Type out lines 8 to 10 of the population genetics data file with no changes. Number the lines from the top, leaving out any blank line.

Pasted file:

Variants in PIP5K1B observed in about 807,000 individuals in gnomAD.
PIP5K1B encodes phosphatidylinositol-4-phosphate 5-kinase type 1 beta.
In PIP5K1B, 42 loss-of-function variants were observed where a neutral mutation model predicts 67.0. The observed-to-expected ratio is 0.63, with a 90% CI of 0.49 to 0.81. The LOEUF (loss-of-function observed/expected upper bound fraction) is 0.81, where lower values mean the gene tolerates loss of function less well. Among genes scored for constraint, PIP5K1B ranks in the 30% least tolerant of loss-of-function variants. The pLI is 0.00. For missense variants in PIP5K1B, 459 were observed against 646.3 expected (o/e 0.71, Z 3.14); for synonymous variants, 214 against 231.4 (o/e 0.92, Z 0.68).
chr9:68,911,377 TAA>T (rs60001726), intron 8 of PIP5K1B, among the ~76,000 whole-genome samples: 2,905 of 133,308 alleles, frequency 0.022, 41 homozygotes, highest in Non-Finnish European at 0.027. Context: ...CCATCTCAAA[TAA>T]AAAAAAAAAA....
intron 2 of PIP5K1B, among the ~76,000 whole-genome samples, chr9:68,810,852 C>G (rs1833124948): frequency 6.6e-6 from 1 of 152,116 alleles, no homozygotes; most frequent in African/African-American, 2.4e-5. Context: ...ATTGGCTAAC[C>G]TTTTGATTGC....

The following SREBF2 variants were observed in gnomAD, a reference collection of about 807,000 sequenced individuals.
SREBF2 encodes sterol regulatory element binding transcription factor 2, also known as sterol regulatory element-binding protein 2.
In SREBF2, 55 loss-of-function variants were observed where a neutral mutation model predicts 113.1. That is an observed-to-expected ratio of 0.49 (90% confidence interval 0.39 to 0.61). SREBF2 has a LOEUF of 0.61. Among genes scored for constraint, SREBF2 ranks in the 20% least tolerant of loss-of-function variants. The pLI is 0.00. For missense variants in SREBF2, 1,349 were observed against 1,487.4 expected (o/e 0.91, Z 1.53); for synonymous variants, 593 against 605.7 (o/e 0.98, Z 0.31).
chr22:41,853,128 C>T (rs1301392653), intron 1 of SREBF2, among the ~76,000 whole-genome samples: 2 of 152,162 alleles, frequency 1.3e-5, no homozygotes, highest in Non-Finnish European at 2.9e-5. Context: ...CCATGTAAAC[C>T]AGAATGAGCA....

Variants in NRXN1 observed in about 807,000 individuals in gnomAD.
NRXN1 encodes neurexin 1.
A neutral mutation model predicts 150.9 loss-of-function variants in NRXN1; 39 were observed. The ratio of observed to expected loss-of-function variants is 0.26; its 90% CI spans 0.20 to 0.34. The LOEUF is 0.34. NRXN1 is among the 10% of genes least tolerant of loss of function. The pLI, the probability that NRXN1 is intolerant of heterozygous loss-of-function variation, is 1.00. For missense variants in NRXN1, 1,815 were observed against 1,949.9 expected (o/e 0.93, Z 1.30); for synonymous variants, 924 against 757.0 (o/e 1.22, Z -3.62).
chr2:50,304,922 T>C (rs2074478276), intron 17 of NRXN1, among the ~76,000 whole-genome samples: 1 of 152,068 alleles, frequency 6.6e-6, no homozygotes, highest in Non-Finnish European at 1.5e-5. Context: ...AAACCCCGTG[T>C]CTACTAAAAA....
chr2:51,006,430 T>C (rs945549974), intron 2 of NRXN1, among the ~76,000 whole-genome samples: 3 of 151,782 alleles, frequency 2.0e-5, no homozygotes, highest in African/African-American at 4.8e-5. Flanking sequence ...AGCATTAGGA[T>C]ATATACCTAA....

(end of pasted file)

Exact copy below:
In SREBF2, 55 loss-of-function variants were observed where a neutral mutation model predicts 113.1. That is an observed-to-expected ratio of 0.49 (90% confidence interval 0.39 to 0.61). SREBF2 has a LOEUF of 0.61. Among genes scored for constraint, SREBF2 ranks in the 20% least tolerant of loss-of-function variants. The pLI is 0.00. For missense variants in SREBF2, 1,349 were observed against 1,487.4 expected (o/e 0.91, Z 1.53); for synonymous variants, 593 against 605.7 (o/e 0.98, Z 0.31).
chr22:41,853,128 C>T (rs1301392653), intron 1 of SREBF2, among the ~76,000 whole-genome samples: 2 of 152,162 alleles, frequency 1.3e-5, no homozygotes, highest in Non-Finnish European at 2.9e-5. Context: ...CCATGTAAAC[C>T]AGAATGAGCA....

Variants in NRXN1 observed in about 807,000 individuals in gnomAD.